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By Alyssa Newcomb

This may be the ultimate galactic obstacle course.

NASA's long-running Cassini space probe is having one final hurrah when it begins a new orbit that will allow the spacecraft to graze Saturn's rings before it makes a deadly dive into the planet next September.

The rings of Saturn cast shadows on the planet.NASA via EPA

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Cassini will circle over the poles of Saturn and dive once a week through the area between the gas giant and each of its rings, allowing the probe to get the clearest pictures yet of their composition. The ring grazes will happen a total of 20 times, according to NASA.

"We're calling this phase of the mission Cassini's Ring-Grazing Orbits, because we'll be skimming past the outer edge of the rings," Linda Spilker, Cassini project scientist, said in a statement. "In addition, we have two instruments that can sample particles and gases as we cross the ringplane, so in a sense Cassini is also 'grazing' on the rings."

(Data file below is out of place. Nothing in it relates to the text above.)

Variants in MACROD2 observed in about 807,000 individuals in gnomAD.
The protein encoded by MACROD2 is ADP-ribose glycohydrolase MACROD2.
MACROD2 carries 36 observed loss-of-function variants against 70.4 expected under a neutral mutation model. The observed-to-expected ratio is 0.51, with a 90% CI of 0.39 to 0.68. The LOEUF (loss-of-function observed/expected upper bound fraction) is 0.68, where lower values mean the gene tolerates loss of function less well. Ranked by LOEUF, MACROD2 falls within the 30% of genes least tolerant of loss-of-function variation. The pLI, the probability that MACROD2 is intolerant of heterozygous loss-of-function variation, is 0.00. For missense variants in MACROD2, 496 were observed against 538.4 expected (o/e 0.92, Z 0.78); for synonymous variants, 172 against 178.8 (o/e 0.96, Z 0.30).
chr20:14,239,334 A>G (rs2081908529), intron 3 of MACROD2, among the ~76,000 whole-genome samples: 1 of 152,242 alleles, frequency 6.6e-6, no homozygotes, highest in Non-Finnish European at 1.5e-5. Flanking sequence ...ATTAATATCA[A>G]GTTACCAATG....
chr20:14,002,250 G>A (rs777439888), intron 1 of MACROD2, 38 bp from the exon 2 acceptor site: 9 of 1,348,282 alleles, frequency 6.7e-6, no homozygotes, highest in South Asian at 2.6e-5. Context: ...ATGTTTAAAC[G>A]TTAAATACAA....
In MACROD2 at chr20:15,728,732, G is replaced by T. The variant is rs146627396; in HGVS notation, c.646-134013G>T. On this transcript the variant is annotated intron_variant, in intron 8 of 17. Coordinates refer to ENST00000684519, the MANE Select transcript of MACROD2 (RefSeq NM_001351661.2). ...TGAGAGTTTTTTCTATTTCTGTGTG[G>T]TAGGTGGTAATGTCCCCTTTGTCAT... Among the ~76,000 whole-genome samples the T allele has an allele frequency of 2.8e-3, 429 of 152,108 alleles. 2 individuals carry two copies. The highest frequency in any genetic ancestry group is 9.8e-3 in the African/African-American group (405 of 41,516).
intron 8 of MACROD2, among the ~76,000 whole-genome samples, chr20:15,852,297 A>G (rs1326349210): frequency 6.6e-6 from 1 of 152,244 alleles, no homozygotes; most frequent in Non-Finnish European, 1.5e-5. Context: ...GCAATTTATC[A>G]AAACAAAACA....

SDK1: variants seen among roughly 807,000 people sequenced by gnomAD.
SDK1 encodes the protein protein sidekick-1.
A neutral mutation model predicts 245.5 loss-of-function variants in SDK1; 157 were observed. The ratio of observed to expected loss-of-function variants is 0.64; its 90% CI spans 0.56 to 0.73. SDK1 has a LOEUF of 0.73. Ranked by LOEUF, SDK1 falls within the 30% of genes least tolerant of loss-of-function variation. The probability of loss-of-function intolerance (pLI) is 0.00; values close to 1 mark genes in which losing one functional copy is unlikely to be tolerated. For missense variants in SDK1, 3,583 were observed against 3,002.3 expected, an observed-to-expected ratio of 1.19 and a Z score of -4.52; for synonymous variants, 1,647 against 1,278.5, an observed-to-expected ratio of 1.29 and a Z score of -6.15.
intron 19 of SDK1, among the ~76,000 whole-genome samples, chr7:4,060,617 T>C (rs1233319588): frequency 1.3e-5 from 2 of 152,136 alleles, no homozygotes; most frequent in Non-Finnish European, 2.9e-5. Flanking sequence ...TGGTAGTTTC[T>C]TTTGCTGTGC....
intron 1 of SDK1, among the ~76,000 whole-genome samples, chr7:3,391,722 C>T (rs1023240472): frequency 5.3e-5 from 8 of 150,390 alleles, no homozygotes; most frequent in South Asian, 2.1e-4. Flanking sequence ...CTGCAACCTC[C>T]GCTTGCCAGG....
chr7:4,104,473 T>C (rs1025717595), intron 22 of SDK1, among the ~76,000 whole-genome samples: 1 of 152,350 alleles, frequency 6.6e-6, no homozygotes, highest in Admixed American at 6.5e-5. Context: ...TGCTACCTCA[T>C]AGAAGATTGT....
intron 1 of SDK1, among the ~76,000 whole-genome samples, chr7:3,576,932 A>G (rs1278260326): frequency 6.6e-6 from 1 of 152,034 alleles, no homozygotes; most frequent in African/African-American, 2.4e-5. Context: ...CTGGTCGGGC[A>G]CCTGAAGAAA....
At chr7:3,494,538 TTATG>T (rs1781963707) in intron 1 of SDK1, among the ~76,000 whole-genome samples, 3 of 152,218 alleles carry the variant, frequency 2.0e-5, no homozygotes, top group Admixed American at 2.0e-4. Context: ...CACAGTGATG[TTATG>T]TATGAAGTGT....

The space probe, which launched in 1997 and arrived at Saturn in 2004, will move into its new orbit on Wednesday, thanks in part to some gravitational pull from Saturn's largest moon, Titan.

The ring weaving phase will end around April 22, according to NASA.

The Fatal 'Grand Finale'

Having spent nearly 20 years on the move in space, Cassini has had an impressive run but is now running low on fuel.

After the ring grazing mission ends on April 22, Cassini will begin what NASA is promising will be an epic "grand finale."

Scientists are planning one heck of a going away party for the probe, sending it as close as 1,012 miles above Saturn's clouds before it makes a fatal plunge into Saturn's atmosphere on September 15.

During its 12 years and counting at Saturn, Cassini has discovered an "Earth-like" world on Titan, with rain, rivers, lakes and seas. It also discovered molecules on Titan that NASA called the most "chemically complex" in the solar system.